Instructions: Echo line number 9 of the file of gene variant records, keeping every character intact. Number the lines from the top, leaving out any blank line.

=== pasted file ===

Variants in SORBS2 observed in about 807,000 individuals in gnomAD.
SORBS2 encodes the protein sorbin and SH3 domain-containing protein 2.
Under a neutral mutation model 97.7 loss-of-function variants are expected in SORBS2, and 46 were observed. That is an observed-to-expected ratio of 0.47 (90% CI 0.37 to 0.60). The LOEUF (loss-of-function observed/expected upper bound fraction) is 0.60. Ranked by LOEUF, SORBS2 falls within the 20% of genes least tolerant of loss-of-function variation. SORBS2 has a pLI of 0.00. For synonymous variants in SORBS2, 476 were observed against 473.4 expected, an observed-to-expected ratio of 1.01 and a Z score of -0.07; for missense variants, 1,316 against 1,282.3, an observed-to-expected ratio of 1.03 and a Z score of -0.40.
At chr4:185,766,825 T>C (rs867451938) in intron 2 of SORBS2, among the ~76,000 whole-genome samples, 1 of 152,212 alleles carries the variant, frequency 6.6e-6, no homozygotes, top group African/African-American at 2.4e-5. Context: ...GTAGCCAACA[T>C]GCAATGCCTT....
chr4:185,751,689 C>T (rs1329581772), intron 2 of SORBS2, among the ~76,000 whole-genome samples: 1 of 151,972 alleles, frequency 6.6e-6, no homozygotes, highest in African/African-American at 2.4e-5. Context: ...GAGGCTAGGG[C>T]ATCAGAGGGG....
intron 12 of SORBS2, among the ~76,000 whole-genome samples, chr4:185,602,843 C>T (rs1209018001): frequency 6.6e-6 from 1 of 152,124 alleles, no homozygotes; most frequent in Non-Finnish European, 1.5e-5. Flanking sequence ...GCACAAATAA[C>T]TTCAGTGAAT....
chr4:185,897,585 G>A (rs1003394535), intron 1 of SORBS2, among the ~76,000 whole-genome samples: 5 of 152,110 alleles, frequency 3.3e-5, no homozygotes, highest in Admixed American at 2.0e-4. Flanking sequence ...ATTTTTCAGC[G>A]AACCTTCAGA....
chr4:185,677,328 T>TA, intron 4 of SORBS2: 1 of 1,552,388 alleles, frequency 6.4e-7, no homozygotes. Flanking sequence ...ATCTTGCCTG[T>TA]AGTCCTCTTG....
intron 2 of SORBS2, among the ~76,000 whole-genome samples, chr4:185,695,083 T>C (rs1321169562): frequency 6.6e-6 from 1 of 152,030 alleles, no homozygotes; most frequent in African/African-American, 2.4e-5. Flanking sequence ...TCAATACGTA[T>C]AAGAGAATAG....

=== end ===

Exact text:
intron 2 of SORBS2, among the ~76,000 whole-genome samples, chr4:185,695,083 T>C (rs1321169562): frequency 6.6e-6 from 1 of 152,030 alleles, no homozygotes; most frequent in African/African-American, 2.4e-5. Flanking sequence ...TCAATACGTA[T>C]AAGAGAATAG....